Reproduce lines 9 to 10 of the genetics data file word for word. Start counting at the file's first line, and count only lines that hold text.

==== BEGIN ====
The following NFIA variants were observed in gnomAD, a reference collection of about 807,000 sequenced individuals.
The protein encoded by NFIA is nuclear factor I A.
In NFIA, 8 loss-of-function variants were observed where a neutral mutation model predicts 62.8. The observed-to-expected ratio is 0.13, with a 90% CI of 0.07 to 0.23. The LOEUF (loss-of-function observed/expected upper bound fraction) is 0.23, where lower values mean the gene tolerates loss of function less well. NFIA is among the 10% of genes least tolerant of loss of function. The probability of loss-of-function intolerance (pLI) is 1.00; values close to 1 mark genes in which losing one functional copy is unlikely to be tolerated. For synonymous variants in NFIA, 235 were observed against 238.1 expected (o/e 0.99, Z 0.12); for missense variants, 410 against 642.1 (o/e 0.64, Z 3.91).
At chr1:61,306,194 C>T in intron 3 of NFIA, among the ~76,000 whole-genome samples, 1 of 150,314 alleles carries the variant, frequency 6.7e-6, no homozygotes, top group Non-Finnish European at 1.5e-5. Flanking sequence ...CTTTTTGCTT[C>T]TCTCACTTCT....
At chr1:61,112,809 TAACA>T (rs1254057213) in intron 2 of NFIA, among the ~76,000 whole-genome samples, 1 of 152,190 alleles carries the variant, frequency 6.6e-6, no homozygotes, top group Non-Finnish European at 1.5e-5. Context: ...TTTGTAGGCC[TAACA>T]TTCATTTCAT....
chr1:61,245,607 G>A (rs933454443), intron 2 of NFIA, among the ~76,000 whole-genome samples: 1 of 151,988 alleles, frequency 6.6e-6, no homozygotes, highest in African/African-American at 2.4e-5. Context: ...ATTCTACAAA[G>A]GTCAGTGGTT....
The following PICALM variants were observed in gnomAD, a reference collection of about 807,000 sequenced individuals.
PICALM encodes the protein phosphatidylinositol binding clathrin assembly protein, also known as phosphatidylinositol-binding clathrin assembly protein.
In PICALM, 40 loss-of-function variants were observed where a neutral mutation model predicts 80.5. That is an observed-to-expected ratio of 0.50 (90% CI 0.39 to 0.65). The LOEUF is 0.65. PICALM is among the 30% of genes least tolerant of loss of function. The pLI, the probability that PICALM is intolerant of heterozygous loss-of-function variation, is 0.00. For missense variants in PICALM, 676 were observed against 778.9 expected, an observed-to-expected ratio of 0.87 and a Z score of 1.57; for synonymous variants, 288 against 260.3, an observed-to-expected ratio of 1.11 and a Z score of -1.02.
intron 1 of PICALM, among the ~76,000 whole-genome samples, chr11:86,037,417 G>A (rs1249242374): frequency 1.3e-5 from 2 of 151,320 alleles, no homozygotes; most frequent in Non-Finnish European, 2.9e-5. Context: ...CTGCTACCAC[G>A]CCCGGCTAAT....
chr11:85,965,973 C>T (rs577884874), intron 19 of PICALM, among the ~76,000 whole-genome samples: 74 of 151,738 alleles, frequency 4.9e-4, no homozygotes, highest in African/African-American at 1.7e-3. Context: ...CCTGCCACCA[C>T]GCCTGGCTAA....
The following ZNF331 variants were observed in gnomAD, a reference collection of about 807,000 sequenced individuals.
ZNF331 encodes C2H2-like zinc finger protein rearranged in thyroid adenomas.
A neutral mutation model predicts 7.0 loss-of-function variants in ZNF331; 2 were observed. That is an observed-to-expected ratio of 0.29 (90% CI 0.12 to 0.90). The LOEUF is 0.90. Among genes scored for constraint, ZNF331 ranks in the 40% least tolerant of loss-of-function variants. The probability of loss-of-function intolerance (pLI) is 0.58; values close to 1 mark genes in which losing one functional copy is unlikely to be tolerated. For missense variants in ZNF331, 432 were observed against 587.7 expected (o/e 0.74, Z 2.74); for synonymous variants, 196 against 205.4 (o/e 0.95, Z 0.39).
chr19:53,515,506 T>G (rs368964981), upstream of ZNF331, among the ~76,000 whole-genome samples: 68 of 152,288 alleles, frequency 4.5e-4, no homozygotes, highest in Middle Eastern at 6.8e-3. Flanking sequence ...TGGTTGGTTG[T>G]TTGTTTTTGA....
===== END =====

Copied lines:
In PICALM, 40 loss-of-function variants were observed where a neutral mutation model predicts 80.5. That is an observed-to-expected ratio of 0.50 (90% CI 0.39 to 0.65). The LOEUF is 0.65. PICALM is among the 30% of genes least tolerant of loss of function. The pLI, the probability that PICALM is intolerant of heterozygous loss-of-function variation, is 0.00. For missense variants in PICALM, 676 were observed against 778.9 expected, an observed-to-expected ratio of 0.87 and a Z score of 1.57; for synonymous variants, 288 against 260.3, an observed-to-expected ratio of 1.11 and a Z score of -1.02.
intron 1 of PICALM, among the ~76,000 whole-genome samples, chr11:86,037,417 G>A (rs1249242374): frequency 1.3e-5 from 2 of 151,320 alleles, no homozygotes; most frequent in Non-Finnish European, 2.9e-5. Context: ...CTGCTACCAC[G>A]CCCGGCTAAT....